But not too long ago during a communion message at church, another malfunction was mentioned––a more serious one—and one that occurs more often than it should. Memory Malfunction.
I am not talking about forgetting where we put the keys or a missed appointment, but forgetting, in times of difficulty, all that God has already done for us.
Our youth pastor was reminding the congregation of the Israelites own faulty memory. Though God had led them out of Egypt, miraculously made a way for them to escape through the Red Sea, and provided them with food daily, the minute they hit a rough spot, they complained, sometimes to the point of blaming Moses for ever taking them out of Egypt. So soon were those hardships and His consequent blessings forgotten.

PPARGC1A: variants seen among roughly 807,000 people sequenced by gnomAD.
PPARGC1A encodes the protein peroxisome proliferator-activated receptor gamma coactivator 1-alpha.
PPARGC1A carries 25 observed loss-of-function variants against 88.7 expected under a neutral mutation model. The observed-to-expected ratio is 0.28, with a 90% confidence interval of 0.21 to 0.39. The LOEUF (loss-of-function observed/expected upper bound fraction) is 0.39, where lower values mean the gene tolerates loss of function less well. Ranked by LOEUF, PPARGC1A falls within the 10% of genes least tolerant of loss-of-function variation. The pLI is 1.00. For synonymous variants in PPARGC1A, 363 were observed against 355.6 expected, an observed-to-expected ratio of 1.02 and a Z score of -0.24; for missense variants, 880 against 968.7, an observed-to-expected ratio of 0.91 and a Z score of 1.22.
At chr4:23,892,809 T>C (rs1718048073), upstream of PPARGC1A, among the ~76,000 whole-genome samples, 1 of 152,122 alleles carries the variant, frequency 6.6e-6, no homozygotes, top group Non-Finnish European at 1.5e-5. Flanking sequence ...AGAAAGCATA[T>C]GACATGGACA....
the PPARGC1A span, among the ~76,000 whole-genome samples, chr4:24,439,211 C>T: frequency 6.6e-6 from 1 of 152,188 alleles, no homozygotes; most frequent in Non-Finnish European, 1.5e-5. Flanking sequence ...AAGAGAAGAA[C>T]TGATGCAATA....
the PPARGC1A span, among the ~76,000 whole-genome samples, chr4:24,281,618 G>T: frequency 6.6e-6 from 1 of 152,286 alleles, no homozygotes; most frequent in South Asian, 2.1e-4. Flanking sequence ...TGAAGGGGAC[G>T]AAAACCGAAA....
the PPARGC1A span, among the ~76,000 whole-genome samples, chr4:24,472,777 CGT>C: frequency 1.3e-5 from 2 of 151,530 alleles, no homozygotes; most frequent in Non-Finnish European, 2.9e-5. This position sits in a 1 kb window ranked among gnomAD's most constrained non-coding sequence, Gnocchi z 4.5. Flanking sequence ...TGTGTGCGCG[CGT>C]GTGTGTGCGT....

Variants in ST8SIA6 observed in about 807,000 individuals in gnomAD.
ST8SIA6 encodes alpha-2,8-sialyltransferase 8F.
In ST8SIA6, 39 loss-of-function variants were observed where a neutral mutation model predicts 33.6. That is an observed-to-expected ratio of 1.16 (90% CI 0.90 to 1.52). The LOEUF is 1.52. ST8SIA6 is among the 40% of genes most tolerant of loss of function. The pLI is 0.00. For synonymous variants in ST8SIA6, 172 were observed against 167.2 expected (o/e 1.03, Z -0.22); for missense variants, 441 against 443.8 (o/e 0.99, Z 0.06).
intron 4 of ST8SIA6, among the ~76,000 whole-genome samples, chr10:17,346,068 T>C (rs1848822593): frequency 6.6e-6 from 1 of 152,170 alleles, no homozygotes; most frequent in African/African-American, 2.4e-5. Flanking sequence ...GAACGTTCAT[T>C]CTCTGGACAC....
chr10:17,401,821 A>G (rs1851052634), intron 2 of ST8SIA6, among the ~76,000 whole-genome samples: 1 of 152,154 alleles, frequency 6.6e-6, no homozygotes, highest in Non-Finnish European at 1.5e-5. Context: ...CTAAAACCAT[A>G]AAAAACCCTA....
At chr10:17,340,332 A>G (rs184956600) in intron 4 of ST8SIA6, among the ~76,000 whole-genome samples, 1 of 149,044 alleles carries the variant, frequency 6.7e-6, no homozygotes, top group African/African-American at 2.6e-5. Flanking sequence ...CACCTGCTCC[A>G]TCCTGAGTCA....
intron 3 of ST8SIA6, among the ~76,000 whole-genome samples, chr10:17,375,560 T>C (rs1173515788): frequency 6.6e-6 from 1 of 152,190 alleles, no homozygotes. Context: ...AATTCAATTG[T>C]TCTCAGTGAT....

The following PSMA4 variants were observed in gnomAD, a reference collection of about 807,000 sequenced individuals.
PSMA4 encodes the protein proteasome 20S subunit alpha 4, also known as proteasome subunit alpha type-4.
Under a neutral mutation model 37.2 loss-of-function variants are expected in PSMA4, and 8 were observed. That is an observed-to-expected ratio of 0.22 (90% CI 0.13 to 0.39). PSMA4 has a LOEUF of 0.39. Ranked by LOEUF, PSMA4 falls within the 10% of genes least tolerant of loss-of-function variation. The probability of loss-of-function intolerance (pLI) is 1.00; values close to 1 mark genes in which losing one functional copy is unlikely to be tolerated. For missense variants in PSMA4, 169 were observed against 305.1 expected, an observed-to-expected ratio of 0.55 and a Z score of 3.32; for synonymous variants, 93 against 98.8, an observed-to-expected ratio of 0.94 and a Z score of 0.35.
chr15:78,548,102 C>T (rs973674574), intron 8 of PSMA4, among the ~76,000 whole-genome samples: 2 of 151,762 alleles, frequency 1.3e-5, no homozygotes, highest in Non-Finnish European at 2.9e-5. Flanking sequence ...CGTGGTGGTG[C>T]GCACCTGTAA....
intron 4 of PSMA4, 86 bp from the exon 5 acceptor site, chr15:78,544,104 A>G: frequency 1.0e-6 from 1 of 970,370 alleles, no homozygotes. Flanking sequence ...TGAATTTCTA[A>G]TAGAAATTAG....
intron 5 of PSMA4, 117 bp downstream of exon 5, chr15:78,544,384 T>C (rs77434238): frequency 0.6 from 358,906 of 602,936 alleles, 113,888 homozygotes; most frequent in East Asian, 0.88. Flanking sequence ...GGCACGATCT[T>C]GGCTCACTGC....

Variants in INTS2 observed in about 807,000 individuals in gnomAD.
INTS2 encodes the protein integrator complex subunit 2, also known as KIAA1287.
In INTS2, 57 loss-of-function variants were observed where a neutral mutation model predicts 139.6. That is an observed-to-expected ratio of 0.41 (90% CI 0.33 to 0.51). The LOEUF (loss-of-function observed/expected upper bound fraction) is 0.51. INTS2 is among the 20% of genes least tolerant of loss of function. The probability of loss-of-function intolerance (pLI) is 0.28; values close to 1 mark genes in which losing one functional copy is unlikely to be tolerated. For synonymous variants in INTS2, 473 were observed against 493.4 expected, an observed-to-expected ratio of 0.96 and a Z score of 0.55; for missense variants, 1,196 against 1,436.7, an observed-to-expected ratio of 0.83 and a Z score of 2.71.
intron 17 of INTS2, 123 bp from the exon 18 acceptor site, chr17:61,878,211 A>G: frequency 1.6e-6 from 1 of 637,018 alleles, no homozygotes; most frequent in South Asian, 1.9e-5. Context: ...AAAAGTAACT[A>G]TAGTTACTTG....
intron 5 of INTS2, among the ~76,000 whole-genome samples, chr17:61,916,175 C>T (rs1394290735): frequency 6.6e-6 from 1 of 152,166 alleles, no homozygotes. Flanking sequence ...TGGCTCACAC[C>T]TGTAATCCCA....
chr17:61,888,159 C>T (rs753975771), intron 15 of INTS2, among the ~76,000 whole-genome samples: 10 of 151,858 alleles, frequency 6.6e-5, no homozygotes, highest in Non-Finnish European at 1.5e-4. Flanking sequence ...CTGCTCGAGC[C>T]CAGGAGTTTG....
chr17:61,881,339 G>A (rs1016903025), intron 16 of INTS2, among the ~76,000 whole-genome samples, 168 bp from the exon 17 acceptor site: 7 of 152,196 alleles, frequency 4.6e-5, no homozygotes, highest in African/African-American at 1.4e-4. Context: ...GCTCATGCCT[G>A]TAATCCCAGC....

And this, unfortunately, is a fault many of us have in general. Most teachers would agree that it only takes one nasty parent phone call to discount all the positives that have occurred before. Others will attest that one person’s negative feedback erases all the kudos others have given them.
So when it comes to our present difficulties, let’s try hard not be like the Israelites who so soon forget God’s providence and protection just because He hasn’t responded immediately. Instead let us be like David when he says, “Let all that I am praise the LORD; may I never forget the good things he does for me” (NLT).